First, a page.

Allardyce tells Palace to wake up as rout raises relegation fears
Man City 5 Crystal Palace 0
It was not an entirely forgettable weekend for Sam Allardyce. Hull City also lost, unexpectedly so to Sunderland, which means a draw at home to Marco Silva's side on Sunday will be enough to guarantee Crystal Palace's survival - but Allardyce was in the sort of sombre mood not easily alleviated.
Since beating Liverpool 2-1 at Anfield to reach the 38-point mark, the Palace manager fears too many players have switched off in the misguided belief that their job was as good as done. Three successive defeats, culminating in this humbling at the hands of a Manchester City side showcasing the ruthlessness too often missing during an underwhelming first season under Pep Guardiola, increased the pressure and Allardyce has called for an urgent refocusing against Hull.
So did the players think they were safe? "It's a possibility that we've been talking about and certainly warning them about," Allardyce said. "That 38-point mark seems to have had a negative effect on our results, certainly against Burnley and Manchester City.
"You can tell the players as much as you want and warn them as often as you can, but when they walk over that white line, they've got to have the spot-on desire, determination and ability to achieve.
"You can see teams dip away and I think we have. It's certainly something I've thought about. This performance was full of so many errors, which surprised me so much. I didn't expect that."
Jose Mourinho, the Manchester United manager, has raised the possibility of fielding a weakened side when they play Palace on the final day of the season, with one eye on a possible Europa League final three days later.
That could provide an unexpected safety net for Allardyce. But the Palace manager cannot look beyond Hull. "I don't want to even think about going to Old Trafford and needing points to stay in the Premier League," Allardyce said. "I want to get it against Hull City."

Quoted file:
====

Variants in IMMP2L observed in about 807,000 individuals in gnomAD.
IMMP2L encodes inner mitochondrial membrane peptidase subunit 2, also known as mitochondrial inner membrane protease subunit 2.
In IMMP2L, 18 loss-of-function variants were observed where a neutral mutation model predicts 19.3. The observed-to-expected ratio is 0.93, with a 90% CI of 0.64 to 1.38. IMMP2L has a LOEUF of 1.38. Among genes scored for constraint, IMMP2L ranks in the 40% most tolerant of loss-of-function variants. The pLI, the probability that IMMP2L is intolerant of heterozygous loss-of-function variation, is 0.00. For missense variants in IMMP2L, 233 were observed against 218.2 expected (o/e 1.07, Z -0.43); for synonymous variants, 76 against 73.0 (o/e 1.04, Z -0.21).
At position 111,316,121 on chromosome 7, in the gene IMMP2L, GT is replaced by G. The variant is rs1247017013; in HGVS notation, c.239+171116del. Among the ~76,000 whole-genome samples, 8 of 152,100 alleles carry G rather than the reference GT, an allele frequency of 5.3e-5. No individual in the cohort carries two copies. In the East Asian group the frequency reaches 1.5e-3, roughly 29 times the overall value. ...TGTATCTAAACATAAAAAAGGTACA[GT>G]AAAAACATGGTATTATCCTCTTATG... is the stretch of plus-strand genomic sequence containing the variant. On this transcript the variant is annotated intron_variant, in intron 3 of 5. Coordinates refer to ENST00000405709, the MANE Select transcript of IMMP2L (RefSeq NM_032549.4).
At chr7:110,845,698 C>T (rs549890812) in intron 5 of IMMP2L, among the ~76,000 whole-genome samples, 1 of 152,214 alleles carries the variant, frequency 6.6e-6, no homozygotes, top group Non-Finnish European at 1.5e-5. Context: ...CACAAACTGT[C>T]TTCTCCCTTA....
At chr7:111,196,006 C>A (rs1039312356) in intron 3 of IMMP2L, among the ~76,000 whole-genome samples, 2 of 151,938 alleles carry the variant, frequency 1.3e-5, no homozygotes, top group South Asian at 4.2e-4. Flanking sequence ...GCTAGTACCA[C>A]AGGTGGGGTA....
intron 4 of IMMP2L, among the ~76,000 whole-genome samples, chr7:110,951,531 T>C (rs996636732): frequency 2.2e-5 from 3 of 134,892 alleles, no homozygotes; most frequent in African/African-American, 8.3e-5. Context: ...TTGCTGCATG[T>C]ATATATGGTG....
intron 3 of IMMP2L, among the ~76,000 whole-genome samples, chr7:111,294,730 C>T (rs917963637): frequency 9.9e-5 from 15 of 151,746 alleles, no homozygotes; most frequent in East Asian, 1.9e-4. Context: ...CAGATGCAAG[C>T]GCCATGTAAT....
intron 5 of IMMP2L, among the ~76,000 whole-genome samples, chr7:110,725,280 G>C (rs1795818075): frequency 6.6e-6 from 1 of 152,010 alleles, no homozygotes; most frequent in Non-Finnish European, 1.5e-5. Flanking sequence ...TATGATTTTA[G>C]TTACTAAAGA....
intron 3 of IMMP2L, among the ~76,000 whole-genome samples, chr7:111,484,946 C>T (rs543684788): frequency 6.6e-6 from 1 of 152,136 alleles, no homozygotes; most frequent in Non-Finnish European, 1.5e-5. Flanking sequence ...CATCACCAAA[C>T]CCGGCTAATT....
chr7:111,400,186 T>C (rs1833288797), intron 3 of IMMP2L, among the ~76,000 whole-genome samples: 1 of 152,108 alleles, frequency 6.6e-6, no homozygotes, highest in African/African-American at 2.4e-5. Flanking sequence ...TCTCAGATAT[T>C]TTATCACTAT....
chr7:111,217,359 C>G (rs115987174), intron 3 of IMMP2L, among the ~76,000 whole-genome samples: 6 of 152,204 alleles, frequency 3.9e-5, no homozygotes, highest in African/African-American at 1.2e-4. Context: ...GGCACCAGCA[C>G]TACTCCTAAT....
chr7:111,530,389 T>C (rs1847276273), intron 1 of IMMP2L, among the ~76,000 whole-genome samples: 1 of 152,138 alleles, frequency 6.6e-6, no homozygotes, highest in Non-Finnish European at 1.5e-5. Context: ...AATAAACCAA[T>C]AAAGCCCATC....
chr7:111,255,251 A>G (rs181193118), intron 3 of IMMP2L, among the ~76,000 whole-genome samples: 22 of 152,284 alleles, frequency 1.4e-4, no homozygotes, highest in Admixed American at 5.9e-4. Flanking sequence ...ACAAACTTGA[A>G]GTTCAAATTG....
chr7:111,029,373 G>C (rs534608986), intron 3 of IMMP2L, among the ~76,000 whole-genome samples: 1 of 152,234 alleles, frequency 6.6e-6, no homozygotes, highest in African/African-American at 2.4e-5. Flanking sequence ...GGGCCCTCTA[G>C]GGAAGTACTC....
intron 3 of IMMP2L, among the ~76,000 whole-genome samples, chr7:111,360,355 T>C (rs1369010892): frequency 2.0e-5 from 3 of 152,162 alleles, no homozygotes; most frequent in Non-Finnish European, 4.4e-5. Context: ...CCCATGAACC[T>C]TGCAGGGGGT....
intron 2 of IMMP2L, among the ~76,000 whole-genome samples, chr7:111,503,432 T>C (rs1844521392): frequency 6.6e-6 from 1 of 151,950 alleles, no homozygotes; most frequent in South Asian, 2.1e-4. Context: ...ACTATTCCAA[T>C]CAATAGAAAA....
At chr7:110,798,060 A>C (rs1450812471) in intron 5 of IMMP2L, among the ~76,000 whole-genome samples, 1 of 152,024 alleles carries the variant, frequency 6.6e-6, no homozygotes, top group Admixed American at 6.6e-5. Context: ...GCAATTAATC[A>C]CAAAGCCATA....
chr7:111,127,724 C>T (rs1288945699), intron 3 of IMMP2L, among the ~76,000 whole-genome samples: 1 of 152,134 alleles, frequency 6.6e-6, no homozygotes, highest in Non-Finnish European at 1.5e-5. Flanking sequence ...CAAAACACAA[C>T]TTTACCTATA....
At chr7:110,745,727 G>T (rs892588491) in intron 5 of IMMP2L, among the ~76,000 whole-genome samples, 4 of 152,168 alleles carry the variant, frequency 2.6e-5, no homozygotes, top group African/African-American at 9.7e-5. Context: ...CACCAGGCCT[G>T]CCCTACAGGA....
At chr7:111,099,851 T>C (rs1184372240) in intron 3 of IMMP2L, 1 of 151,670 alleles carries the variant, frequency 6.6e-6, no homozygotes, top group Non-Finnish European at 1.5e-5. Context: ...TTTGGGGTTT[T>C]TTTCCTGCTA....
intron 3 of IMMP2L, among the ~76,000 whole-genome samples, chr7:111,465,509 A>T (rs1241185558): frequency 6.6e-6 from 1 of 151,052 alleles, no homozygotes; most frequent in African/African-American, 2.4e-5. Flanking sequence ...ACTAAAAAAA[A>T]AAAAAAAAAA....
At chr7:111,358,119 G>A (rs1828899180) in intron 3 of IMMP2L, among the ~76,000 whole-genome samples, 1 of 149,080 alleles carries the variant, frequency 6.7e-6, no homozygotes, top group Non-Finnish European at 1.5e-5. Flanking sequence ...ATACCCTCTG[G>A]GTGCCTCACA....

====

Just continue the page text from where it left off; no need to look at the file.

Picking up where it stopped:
Palace were largely unrecognisable from the team that had beaten Liverpool, Arsenal and Chelsea in the previous five weeks.
If Willy Caballero had not made an outstanding save - the kind of which Claudio Bravo does not make - to deny Christian Benteke in the 37th minute with Palace trailing 1-0, the visitors might have made a better fist of things.
Martin Kelly suggested Palace had not worked on their three-man defensive system enough before they reverted to a back four but that was not enough to explain some of the basic individual mistakes, of which Kelly was particularly culpable. The Palace centre-half's abysmal attempt to head clear Raheem Sterling's cross allowed the sublime David Silva to put City in front after just 114 seconds.
Kelly was also guilty of leaving Vincent Kompany unmarked when the City captain lashed home Kevin de Bruyne's pass and should have been punished when he conceded possession cheaply to the omnipresent De Bruyne before Leroy Sane's shot was saved.
City only had to wait another minute for a third goal, though, when De Bruyne beat Wayne Hennessey at his near post.
Sterling finished smartly for the fourth and Nicolas Otamendi added a fifth with a diving header.
Kompany has started six of the past seven matches, but despite Guardiola admitting the Belgium defender is in the best shape physically and mentally that he has seen, the manager will still try to sign another centre-half this summer. Leonardo Bonucci, of Juventus, is his leading target.
"We have to cover our backs," Guardiola said. "We have to have back-ups if something happens."
Kompany talked about a vibrant young attack "capable of taking teams apart".
He also said that, while he had been part of trophy-winning teams before, he had "never had a team that has been able to control and dominate a game like we do now", even if Guardiola's claim that City had been the league's best box-to-box side this season was far-fetched.
Allardyce, though, was in no mood to bend the truth. It is all about Hull now for Palace. (© Daily Telegraph, London)